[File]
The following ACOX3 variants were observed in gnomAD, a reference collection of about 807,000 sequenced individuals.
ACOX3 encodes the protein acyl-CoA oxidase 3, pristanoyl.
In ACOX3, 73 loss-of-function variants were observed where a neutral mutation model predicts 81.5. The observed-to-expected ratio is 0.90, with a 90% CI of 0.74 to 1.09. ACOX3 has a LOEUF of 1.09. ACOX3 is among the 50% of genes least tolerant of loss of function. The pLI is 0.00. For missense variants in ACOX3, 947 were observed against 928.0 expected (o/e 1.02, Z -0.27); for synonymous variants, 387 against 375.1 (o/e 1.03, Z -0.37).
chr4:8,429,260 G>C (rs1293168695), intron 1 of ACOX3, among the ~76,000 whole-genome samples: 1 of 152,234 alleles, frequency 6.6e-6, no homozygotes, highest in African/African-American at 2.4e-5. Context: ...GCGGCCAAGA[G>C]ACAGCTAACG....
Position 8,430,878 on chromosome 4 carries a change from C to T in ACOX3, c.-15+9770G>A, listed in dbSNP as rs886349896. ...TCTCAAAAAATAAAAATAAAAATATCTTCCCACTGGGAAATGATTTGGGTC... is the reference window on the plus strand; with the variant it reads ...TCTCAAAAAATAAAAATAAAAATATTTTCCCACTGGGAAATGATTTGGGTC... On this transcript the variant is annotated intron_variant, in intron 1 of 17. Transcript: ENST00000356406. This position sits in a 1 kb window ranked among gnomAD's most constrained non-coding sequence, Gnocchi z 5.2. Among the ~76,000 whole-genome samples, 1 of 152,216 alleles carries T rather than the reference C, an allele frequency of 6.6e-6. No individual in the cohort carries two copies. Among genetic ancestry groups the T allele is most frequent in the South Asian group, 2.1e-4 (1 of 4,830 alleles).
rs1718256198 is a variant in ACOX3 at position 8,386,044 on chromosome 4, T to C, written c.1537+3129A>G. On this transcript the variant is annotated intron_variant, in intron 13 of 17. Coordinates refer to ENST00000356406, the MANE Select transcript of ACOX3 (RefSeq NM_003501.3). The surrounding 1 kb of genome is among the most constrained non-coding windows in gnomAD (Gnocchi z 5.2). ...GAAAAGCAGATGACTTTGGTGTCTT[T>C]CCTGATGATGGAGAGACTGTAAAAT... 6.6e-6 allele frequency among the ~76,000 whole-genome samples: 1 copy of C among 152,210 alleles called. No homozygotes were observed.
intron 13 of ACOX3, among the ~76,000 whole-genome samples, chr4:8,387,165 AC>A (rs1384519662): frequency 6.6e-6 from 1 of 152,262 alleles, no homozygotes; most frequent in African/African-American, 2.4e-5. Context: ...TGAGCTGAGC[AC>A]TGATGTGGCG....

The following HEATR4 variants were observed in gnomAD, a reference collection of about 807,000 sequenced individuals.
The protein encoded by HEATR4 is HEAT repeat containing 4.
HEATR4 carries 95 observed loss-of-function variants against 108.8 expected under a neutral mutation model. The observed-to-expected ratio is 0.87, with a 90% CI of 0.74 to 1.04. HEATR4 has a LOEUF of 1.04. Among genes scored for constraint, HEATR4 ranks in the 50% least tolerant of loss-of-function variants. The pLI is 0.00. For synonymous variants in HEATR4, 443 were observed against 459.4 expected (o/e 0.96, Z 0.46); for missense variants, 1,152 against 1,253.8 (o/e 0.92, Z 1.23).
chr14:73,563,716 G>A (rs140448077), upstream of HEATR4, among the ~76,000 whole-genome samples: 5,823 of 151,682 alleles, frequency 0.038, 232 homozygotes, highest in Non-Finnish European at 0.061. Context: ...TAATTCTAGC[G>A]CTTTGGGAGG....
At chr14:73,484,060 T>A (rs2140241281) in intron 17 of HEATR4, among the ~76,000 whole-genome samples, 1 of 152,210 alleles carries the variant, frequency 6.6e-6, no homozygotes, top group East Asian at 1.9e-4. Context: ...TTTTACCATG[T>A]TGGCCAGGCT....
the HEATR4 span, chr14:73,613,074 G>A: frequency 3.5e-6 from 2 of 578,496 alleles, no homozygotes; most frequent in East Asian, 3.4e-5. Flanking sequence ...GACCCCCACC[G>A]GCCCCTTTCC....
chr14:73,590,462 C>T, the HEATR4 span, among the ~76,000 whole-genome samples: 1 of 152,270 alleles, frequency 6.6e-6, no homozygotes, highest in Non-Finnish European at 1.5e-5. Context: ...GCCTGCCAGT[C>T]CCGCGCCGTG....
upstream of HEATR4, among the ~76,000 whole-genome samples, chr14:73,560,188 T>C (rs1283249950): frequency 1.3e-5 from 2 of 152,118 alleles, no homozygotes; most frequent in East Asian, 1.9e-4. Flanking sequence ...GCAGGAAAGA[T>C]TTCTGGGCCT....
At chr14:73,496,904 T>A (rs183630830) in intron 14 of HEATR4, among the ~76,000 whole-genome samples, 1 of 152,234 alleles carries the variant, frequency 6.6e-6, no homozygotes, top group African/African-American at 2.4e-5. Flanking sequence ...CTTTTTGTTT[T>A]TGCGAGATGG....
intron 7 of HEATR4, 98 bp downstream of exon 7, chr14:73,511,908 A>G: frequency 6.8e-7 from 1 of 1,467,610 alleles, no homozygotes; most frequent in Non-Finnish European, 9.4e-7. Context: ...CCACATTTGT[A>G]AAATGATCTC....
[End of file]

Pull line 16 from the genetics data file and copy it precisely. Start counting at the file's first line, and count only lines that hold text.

At chr14:73,496,904 T>A (rs183630830) in intron 14 of HEATR4, among the ~76,000 whole-genome samples, 1 of 152,234 alleles carries the variant, frequency 6.6e-6, no homozygotes, top group African/African-American at 2.4e-5. Flanking sequence ...CTTTTTGTTT[T>A]TGCGAGATGG....